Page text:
In general, marketing communications is aimed at decision-makers and influencers, while technical communications addresses people who use the product. In other words, marketers try to get a customer to purchase a product, while technical communicators explain how a product works once it has already been purchased.
Still, both the space cause and a theme park must still get and hold the attention of their respective audience(s). Despite the uniqueness of the space enterprise, exploration and settlement do not "sell themselves," any more than the American West did. Horace Greeley's "Go West, young man, and grow with the country!" might have been one of the best marketing lines ever used to sell the frontier.
I got off my original track here; I apologize. I meant to answer "Why does Disney generate excitement while NASA doesn't?" and got off on a tangent about what technical marketing is. My apologies. The answer to the original question is simple: Disney does exciting things and portrays them in such a way that other people look forward to experiencing them. NASA does some exciting, nay, intriguing things, and some of those are accompanied by smoke, fire, and earth-rattling, which is always cool. But turn on NASA TV, subject yourself to a few hours of watching astronauts do zero-gravity tai-chi around the International Space Station, and you need No-Doze and a caffeineated beverage to restart your system.
Both Disney and NASA are very protective of their public image, and yet Disney manages to have a fun public image. Again: why? Part of it, I think, is that NASA has lost its sense of humor. They are so used to doing Important, Impressive Things, that they forget about the gosh-wow factor. They frown upon frivolous activities, like space tourism or putting a hotel into orbit.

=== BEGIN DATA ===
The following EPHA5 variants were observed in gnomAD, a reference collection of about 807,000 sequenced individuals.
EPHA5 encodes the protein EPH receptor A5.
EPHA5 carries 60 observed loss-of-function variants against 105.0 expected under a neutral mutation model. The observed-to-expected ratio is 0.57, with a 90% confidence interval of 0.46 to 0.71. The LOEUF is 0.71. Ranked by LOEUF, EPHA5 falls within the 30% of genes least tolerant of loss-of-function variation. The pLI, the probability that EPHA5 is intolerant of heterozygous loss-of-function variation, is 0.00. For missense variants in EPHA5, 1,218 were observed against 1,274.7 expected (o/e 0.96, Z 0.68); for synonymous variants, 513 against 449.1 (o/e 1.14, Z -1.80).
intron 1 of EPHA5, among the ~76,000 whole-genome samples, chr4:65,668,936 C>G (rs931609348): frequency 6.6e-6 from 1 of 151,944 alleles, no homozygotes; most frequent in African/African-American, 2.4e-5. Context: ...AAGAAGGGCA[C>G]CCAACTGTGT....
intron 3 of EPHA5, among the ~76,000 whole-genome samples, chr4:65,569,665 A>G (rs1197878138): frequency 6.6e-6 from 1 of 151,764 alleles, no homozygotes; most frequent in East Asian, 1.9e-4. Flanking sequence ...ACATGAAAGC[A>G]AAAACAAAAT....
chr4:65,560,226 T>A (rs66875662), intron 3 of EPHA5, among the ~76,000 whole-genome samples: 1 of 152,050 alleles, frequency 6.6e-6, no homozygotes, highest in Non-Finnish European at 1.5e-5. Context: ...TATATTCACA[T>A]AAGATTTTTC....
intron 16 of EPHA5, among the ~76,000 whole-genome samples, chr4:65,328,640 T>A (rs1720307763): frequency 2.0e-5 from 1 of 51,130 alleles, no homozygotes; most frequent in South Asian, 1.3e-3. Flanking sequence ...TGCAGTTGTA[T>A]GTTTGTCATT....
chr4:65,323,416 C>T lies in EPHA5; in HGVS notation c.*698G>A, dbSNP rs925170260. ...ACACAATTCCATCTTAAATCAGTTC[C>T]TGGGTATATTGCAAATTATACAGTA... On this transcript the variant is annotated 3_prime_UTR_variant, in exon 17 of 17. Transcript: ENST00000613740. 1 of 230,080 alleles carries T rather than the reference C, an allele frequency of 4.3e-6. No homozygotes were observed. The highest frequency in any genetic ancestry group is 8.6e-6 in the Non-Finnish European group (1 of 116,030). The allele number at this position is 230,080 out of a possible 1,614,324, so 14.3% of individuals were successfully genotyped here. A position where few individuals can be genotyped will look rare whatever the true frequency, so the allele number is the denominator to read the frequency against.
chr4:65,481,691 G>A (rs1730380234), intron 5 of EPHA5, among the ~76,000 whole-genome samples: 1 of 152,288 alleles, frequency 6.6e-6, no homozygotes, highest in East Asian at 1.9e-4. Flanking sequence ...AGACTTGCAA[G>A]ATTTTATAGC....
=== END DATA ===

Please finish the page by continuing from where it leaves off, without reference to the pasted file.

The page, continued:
They've also grown a little too cautious about advertising the dangerous aspects of space. In Apollo, three astronauts died before one Saturn rocket had put a man into space--and NASA kept going. Since Challenger and Columbia, there has been an abundance of caution and -- perhaps reasonably -- an emphasis on safety first. But damn it, that danger gets people's attention! It's suspenseful for me every time the Shuttle goes up now, maybe because of long-ignored physical danger and maybe because we're only now awakening to the fact that there won't be too many more of them.
The world frickin' stood still when Neil Armstrong and Buzz Aldrin landed on the Moon. A billion people listened or watched at a time when we had only about two billion people alive on the planet. That's a shared moment of wonder few have ever managed to repeat. I mean, because...damn, that was impressive. The first time a human being had set foot on another world. I can still get a shiver up my spine when I hear, "That's one small step for [a] man, one giant leap for mankind." I was two weeks from being born, and it still impresses me.
That's the trick, then: NASA needs to start doing great things again: firsts that are new and difficult in their own right. And the good news is, they are aiming to do great things again: building rockets to go to the Moon, building a permanent outpost there, and hoping to go beyond. That's half the Disney equation: do something exciting. All of that will require more money and sustained commitment, but that's our job as involved taxpayers, not just the government's. And then there's the other half: get other people interested in participating. There's still some work to be done there.
Looks like I have my work cut out for me.